The Pentagon allowed five captured Al Qaeda members currently held at the Guantanamo Bay prison to use laptop computers in detention, raising concerns among security officials that the terrorism suspects could pass sensitive data to terrorists in the future, according to U.S. officials.
The Washington Times reports the computers, without Internet access, were provided to Sept. 11 mastermind Khalid Shaikh Mohammed and four other suspected 9/11 conspirators at the prison at the U.S. naval base in Cuba after approval by senior Pentagon officials in September 2008.
The battery-powered laptops were kept in the detainees' cell areas, and limitations on their use were imposed, defense officials said. The practice continued until January, when charges against the five were temporarily dropped after Attorney General Eric H. Holder Jr. announced the men would be tried in civilian court, not by military commission.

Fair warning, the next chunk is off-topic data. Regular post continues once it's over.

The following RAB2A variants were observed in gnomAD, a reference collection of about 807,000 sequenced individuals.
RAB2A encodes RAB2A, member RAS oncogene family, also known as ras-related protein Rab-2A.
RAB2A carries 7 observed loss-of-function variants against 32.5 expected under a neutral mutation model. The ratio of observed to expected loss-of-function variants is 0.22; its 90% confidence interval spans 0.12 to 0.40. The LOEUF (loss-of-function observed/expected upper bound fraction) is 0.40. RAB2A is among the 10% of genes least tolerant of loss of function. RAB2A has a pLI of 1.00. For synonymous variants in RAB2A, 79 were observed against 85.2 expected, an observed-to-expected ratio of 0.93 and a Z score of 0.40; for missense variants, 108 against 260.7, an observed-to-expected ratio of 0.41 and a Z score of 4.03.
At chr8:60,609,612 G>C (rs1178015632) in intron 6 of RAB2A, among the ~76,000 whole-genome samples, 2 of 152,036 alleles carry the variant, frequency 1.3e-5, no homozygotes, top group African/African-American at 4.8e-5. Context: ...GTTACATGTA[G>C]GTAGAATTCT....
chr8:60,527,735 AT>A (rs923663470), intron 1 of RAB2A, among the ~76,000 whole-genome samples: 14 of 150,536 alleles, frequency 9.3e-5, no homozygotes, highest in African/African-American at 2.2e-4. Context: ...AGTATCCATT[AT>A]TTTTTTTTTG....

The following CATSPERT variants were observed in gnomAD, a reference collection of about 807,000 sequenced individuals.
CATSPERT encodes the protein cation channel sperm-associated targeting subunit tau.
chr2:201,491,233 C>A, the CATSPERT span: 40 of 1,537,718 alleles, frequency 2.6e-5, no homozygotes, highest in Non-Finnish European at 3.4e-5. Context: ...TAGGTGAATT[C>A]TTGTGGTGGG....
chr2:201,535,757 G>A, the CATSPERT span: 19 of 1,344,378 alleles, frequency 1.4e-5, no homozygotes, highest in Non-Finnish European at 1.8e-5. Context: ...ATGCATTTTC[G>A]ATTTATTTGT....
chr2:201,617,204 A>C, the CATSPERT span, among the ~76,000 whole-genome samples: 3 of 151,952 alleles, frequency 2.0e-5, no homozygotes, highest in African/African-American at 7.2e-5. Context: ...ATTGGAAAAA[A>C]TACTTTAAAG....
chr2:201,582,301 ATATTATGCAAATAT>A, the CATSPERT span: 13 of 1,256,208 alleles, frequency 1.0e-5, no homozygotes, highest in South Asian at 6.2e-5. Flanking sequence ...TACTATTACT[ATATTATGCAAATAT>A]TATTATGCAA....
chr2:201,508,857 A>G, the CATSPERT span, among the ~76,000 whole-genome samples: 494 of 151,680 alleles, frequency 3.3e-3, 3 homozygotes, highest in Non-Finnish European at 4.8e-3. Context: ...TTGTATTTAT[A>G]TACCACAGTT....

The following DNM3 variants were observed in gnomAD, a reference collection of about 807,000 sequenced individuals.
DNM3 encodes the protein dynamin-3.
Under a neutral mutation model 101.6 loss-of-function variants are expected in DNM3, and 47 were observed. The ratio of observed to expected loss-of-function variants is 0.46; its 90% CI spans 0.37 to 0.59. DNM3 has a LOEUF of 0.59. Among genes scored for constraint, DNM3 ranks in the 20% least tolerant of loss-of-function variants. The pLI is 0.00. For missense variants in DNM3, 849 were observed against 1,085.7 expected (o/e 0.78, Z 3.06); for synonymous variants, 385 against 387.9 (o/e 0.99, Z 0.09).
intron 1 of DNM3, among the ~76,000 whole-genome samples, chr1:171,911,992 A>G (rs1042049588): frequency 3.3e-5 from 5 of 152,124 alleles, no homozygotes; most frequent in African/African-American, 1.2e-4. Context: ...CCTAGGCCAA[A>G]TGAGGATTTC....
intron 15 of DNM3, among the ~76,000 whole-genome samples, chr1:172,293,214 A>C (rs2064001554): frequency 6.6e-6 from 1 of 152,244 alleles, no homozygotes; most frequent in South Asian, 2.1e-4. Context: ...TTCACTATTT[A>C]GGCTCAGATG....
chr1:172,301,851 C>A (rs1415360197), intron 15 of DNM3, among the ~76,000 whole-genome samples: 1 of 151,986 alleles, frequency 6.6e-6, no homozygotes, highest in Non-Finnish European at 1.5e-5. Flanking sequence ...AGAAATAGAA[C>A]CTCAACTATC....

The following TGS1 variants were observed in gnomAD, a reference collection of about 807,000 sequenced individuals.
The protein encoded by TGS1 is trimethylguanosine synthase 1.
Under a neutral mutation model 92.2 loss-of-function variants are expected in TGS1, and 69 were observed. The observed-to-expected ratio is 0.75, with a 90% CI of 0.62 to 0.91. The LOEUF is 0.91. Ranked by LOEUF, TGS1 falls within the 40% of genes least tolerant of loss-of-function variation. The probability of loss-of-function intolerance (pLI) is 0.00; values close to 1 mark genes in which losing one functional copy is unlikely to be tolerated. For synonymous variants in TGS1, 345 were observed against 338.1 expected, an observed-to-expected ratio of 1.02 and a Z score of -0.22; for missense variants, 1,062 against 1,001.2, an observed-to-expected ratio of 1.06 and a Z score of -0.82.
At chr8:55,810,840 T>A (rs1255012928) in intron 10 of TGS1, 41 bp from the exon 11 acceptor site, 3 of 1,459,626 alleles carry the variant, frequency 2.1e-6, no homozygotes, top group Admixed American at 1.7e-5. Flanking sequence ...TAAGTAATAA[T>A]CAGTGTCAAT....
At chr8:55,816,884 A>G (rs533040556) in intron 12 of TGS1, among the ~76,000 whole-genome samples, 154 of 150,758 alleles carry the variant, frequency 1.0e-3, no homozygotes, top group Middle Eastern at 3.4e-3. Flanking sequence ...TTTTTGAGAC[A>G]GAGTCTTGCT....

Holder then backed off plans to hold trials in federal court in New York City and said this week that a decision on where to conduct the trials is expected in the coming weeks.
In addition to Mohammed, the other Al Qaeda members who were given computers were Walid Muhammad Salih Mubarak Bin Attash, Ramzi Binalshibh, Ali Abdul Aziz Ali and Mustafa Ahmed Adam al-Hawsawi.